In honour of Nelson Mandela Day, the Breakfasts for Better Days™ initiative teamed up with some famous faces to give their 67 minutes to school children in Soweto.
Children from iKwezi Primary School were joined by several celebs including singer-songwriter, Tresor and TV presenter Roxy Burger, for a morning of breakfast and inspirational workshops.
The event marked the beginning of Kellogg’s new ‘Start Your Great’ campaign, which challenges people to start encouraging children to dream big and become a nation of future leaders. It also honored this year’s Nelson Mandela Day global call to action, when the Kellogg’s representatives and celebrities donated their great for 67 minutes to help iKwezi Primary to refurbish a classroom.
The iKwezi school tour began with the children and the guests sitting down together for a breakfast of cereal and full cream milk. As the morning progressed, the guests toured the school and met several of the children who have been helped by the initiative.
The iKwezi Grade 7 learners also got the chance to take part in an inspiration session where Nomuzi Mabena and the other celebrities described the world of possibilities that are waiting for them.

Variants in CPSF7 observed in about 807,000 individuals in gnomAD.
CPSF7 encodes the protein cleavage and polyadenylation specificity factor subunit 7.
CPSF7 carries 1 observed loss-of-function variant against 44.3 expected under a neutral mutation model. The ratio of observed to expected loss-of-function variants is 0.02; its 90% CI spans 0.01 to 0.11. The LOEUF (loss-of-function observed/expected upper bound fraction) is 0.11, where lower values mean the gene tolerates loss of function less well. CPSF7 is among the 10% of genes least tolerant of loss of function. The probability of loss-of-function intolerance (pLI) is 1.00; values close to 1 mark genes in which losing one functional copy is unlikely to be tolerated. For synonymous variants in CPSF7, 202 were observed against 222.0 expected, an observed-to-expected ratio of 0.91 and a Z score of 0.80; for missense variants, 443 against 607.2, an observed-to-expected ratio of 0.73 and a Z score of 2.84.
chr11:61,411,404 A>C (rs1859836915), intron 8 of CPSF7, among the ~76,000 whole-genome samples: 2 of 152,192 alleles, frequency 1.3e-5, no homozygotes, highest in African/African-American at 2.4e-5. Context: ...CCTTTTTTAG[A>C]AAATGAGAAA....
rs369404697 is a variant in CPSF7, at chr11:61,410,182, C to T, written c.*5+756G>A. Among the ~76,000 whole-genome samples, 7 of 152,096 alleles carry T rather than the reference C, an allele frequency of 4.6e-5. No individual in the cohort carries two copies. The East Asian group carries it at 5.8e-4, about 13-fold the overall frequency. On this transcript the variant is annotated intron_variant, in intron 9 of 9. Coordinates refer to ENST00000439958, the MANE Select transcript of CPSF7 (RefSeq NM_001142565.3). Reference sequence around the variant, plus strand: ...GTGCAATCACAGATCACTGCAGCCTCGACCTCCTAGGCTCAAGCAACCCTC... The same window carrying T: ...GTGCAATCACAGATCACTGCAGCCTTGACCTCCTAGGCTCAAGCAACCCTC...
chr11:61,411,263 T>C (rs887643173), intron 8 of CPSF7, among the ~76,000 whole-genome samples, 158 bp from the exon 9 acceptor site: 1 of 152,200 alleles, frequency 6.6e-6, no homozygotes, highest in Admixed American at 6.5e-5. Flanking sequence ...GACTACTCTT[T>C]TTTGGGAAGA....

“It’s important that our future leaders know that they can be whatever they want to be. Although feeding them breakfast ensures that they’re fueled for busy days ahead, they also need to be inspired by people they look up to, to help them believe in themselves and the power of their dreams,” says Vuyokazi Xapa, spokesperson for Breakfasts for Better Days™.
In addition to inspiring the learners, parents were also invited to a nutritional workshop where Breakfasts For Better Days™ dietitian, Cheryl Meyer, discussed the impact of a balanced breakfast and how nutrition affects a child’s education.
“Access to a morning meal before the start of the school day helps children meet their nutritional requirements for the day. Research supports positive links between breakfast intake and cognitive and academic performance through improved memory, test scores and school attendance – all vital to maximise the outcome of a child’s education.”